Posted by & filed under Basic Cognitive Functions In Aging: Information Processing Attention Memory, Consciousness, Language-Thought, Learning, Memory.

Description: So here’s an interesting challenge. Go to the article linked below and, before you start reading it, remove all distractors from around you, and I mean all. Mute your phone, turn off the radio, turn off the television, do not check email, do nothing else except focusing and reading the article linked below. Once you’re done, think about whether that experience was different, better, worse, and if you’d read it with all of your usual distractions and place.

Source: Read This Story Without Distraction (Can You?). Verena von Pfetten, New York Times.

Date: April 29, 2016

Monotasking

Links: Article Link — http://www.nytimes.com/2016/05/01/fashion/monotasking-drop-everything-and-read-this-story.html

If you have had to put a resume together lately there is a virtual certainty that somewhere in that resume you claimed the ability to multitask. In fact, if one were to claim to be a mono-tasker, one would risk coming across as slow, ponderous, and just plain boring. However, there is increasing concern within cognitive psychology that we may actually be pushing the limits of our ability to manage multiple streams of information simultaneously and cope with an array of distracting sensory inputs in ways that potentially are having negative impacts upon our ability to process and manage and even to benefit from the information that we are supposedly tracking.

Questions for Discussion:

  1. What is mono-tasking and how does it differ from multitasking?
  2. What are some of the consequences of multitasking?
  3. What sort of things ought we to be thinking about both individually and within educational settings and workplace settings in relation to whether or not we insist that people attempt to engage in multitasking on a regular basis? How might we decide when mono-tasking is exactly what we should be doing?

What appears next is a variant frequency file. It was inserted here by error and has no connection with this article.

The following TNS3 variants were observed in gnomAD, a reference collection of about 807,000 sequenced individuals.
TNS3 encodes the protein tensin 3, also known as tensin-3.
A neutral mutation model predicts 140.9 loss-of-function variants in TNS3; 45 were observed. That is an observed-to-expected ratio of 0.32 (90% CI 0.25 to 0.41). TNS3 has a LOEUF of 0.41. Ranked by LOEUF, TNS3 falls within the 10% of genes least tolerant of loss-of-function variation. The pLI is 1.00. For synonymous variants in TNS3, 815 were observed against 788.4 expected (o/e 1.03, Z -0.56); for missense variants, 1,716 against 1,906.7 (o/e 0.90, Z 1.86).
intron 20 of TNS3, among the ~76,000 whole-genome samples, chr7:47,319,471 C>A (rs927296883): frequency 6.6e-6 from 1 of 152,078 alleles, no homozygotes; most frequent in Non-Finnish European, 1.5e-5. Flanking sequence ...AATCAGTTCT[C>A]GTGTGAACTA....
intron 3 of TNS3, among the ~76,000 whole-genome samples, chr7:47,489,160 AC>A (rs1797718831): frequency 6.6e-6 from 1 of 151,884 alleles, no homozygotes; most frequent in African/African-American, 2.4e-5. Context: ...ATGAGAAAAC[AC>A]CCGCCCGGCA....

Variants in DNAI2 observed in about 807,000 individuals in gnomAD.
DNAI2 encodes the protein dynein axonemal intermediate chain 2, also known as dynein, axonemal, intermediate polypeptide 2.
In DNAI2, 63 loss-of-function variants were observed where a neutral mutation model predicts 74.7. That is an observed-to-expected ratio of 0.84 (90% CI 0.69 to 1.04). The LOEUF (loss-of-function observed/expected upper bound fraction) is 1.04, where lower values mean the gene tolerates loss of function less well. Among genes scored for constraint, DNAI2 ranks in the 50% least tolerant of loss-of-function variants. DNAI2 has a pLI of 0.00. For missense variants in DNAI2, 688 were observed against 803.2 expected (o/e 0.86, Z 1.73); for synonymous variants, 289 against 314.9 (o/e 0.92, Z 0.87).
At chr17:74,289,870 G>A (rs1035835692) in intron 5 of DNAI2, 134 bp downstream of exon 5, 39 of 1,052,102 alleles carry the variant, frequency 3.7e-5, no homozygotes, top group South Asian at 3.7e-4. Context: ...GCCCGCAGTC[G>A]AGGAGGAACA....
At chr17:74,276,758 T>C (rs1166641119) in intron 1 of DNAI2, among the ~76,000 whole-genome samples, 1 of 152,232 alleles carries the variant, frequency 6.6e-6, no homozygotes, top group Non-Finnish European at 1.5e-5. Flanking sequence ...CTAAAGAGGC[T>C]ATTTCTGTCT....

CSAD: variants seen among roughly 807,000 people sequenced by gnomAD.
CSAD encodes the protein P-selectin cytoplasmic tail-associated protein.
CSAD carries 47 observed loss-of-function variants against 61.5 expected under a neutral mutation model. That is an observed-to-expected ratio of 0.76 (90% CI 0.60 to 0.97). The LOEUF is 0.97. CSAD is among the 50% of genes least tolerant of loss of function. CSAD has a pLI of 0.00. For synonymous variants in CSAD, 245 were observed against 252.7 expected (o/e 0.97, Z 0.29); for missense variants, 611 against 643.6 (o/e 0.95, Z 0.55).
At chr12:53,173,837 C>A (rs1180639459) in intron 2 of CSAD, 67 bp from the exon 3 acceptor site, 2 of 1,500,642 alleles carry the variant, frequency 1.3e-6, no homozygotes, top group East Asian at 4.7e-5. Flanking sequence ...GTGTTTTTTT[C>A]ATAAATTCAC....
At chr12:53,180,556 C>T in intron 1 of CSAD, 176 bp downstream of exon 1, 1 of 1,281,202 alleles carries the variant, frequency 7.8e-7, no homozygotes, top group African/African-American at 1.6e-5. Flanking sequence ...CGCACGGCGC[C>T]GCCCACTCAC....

References (Read Further):

Altmann, E. M., Trafton, J. G., & Hambrick, D. Z. (2014). Momentary interruptions can derail the train of thought. Journal of Experimental Psychology: General, 143(1), 215. http://www.msu.edu/~ema/AltmannTraftonHambrickJEPG.pdf

Ophir, E., Nass, C., & Wagner, A. D. (2009). Cognitive control in media multitaskers. Proceedings of the National Academy of Sciences, 106(37), 15583-15587. https://130.236.177.26/divisions/hcs/seminars/cogsciseminars/Papers/Ophir_Nass_Wagner_2009.pdf

Mark, Gloria, Iqbal, Shamsi T., Czerwinski, Mary, Johns, Paul, Sano, Akane (2016) Neurotics Can’t Focus: An in situ Study of Online Multitasking in the Workplace, CHI’16, May 07-12, 2016, San Jose, CA, USA. http://www.ics.uci.edu/~gmark/Home_page/Research_files/CHI%2016%20Multitasking%20and%20Focus.pdf

 

 

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